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Now showing items 1 - 8 of 8

  • Metabolic Engineering of Escherichia coli for Natural Product Biosynthesis

    Yang, Dongsoo   Park, Seon Young   Park, Yae Seul   Eun, Hyunmin   Lee, Sang Yup  

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  • Broad-Spectrum Gene Repression using Scaffold Engineering of Synthetic sRNAs

    Noh, Minho   Yoo, Seung Min   Yang, Dongsoo   Lee, Sang Yup  

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  • CRISPR/Cas9-coupled recombineering for metabolic engineering of Corynebacterium glutamicum

    Cho, Jae Sung   Choi, Kyeong Rok   Prabowo, Cindy Pricilia Surya   Shin, Jae Ho   Yang, Dongsoo   Jang, Jaedong   Lee, Sang Yup  

    Genome engineering of Corynebacterium glutamicum, an important industrial microorganism for amino acids production, currently relies on random mutagenesis and inefficient double crossover events. Here we report a rapid genome engineering strategy to scarlessly knock out one or more genes in C. glutamicum in sequential and iterative manner. Recombinase RecT is used to incorporate synthetic single-stranded oligodeoxyribonucleotides into the genome and CRISPR/Cas9 to counter-select negative mutants. We completed the system by engineering the respective plasmids harboring CRISPR/Cas9 and RecT for efficient curing such that multiple gene targets can be done iteratively and final strains will be free of plasmids. To demonstrate the system, seven different mutants were constructed within two weeks to study the combinatorial deletion effects of three different genes on the production of.-aminobutyric acid, an industrially relevant chemical of much interest. This genome engineering strategy will expedite metabolic engineering of C. glutamicum.
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  • Systems metabolic engineering as an enabling technology in accomplishing sustainable development goals

    Yang, Dongsoo   Cho, Jae Sung   Choi, Kyeong Rok   Kim, Hyun Uk   Lee, Sang Yup  

    With pressing issues arising in recent years, the United Nations proposed 17 Sustainable Development Goals (SDGs) as an agenda urging international cooperations for sustainable development. In this perspective, we examine the roles of systems metabolic engineering (SysME) and its contribution to improving the quality of life and protecting our environment, presenting how this field of study offers resolutions to the SDGs with relevant examples. We conclude with offering our opinion on the current state of SysME and the direction it should move forward in the generations to come, explicitly focusing on addressing the SDGs.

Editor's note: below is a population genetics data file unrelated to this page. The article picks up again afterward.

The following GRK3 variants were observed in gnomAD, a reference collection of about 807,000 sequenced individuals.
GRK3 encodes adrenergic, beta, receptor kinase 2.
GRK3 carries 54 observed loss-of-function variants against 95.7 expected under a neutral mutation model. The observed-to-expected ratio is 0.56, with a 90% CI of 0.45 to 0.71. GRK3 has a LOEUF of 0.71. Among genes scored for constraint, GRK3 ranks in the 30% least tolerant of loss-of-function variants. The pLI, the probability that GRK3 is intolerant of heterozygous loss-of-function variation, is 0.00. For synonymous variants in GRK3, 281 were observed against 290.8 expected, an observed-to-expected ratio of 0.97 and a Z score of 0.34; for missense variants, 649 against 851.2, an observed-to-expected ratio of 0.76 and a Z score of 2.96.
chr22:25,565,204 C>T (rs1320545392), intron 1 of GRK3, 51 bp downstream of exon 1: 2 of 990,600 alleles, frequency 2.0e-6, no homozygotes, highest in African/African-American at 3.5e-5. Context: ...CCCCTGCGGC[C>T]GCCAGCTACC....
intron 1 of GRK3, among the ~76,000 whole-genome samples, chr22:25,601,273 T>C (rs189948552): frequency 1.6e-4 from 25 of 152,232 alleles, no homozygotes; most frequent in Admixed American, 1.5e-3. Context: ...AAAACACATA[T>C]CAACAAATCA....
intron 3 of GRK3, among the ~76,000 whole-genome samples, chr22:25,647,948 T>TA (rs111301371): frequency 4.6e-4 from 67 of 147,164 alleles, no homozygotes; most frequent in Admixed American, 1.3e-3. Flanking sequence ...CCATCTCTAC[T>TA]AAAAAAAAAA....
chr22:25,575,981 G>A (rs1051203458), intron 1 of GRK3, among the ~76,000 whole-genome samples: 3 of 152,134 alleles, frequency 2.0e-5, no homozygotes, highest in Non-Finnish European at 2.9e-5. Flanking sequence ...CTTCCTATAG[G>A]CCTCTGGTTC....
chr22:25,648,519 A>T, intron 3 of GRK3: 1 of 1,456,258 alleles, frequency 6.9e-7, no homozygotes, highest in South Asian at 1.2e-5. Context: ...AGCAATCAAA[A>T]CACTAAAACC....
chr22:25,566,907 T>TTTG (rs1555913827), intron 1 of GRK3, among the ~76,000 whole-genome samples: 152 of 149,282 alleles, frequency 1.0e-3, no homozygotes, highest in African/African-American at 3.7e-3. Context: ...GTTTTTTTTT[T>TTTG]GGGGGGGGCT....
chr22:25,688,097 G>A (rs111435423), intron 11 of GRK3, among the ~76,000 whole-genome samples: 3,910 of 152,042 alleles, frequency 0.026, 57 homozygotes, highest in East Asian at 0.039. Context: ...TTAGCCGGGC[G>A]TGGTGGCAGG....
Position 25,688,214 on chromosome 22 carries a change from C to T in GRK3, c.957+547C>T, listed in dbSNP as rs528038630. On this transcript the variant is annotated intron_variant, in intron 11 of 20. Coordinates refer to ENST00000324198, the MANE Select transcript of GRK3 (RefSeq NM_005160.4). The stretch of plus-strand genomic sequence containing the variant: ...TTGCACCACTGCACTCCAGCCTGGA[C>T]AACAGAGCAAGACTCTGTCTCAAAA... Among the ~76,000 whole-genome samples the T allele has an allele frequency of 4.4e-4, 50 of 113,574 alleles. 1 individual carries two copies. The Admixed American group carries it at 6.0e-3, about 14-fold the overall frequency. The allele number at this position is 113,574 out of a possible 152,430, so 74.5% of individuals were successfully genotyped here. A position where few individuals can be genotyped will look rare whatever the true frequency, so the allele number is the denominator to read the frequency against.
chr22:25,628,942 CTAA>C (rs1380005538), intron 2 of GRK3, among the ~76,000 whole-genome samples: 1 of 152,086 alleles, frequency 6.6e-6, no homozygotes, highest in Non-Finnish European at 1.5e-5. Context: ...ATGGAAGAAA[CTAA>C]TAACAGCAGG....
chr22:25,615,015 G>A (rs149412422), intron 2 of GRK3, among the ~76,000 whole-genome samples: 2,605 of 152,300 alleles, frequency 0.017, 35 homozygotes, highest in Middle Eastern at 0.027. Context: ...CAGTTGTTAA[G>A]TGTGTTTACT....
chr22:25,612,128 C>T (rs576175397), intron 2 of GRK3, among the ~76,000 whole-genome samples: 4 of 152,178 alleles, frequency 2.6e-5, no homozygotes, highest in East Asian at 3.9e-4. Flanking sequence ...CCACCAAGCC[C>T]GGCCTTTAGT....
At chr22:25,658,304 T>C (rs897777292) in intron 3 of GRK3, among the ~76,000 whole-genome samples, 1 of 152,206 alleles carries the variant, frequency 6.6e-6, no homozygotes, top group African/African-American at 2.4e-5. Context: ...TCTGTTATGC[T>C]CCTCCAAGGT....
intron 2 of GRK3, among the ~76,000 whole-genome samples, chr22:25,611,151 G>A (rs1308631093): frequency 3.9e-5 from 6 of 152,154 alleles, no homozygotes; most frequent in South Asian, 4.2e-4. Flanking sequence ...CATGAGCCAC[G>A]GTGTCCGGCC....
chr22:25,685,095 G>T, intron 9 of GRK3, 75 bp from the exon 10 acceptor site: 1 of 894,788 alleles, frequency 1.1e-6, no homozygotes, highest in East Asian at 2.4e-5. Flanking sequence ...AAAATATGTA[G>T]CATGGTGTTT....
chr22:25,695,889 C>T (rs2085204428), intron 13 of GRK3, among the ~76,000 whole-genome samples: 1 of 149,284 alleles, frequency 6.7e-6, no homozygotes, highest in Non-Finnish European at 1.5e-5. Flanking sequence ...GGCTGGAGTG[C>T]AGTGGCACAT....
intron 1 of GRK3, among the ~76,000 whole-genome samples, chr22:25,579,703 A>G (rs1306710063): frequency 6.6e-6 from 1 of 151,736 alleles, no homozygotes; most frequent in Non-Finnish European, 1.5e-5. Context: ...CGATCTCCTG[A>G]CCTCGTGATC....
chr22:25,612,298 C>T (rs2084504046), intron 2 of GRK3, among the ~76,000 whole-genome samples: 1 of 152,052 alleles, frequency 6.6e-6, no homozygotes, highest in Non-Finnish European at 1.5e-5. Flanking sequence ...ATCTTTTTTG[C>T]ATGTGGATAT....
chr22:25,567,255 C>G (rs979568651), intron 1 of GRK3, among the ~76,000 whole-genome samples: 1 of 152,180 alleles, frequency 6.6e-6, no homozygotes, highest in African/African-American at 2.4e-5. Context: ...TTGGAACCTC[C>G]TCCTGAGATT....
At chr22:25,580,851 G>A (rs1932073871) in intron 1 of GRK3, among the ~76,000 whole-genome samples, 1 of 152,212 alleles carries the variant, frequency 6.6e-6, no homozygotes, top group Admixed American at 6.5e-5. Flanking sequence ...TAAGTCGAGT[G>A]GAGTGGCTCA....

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  • Systems metabolic engineering as an enabling technology in accomplishing sustainable development goals

    Yang, Dongsoo   Cho, Jae Sung   Choi, Kyeong Rok   Kim, Hyun Uk   Lee, Sang Yup  

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  • Systems Metabolic Engineering Strategies: Integrating Systems and Synthetic Biology with Metabolic Engineering

    Choi, Kyeong Rok   Jang, Woo Dae   Yang, Dongsoo   Cho, Jae Sung   Park, Dahyeon   Lee, Sang Yup  

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  • Repurposing type III polyketide synthase as a malonyl-CoA biosensor for metabolic engineering in bacteria.

    Yang, Dongsoo   Kim, Won Jun   Yoo, Seung Min   Choi, Jong Hyun   Ha, Shin Hee   Lee, Mun Hee   Lee, Sang Yup  

    Malonyl-CoA is an important central metabolite for the production of diverse valuable chemicals including natural products, but its intracellular availability is often limited due to the competition with essential cellular metabolism. Several malonyl-CoA biosensors have been developed for high-throughput screening of targets increasing the malonyl-CoA pool. However, they are limited for use only in Escherichia coli and Saccharomyces cerevisiae and require multiple signal transduction steps. Here we report development of a colorimetric malonyl-CoA biosensor applicable in three industrially important bacteria: E. coli, Pseudomonas putida, and Corynebacterium glutamicum RppA, a type III polyketide synthase producing red-colored flaviolin, was repurposed as a malonyl-CoA biosensor in E. coli Strains with enhanced malonyl-CoA accumulation were identifiable by the colorimetric screening of cells showing increased red color. Other type III polyketide synthases could also be repurposed as malonyl-CoA biosensors. For target screening, a 1,858 synthetic small regulatory RNA library was constructed and applied to find 14 knockdown gene targets that generally enhanced malonyl-CoA level in E. coli These knockdown targets were applied to produce two polyketide (6-methylsalicylic acid and aloesone) and two phenylpropanoid (resveratrol and naringenin) compounds. Knocking down these genes alone or in combination, and also in multiple different E. coli strains for two polyketide cases, allowed rapid development of engineered strains capable of enhanced production of 6-methylsalicylic acid, aloesone, resveratrol, and naringenin to 440.3, 30.9, 51.8, and 103.8 mg/L, respectively. The malonyl-CoA biosensor developed here is a simple tool generally applicable to metabolic engineering of microorganisms to achieve enhanced production of malonyl-CoA-derived chemicals.=20
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  • Expanded synthetic small regulatory RNA expression platforms for rapid and multiplex gene expression knockdown

    Yang, Dongsoo   Yoo, Seung Min   Gu, Changdai   Ryu, Jae Yong   Lee, Jae Eun   Lee, Sang Yup  

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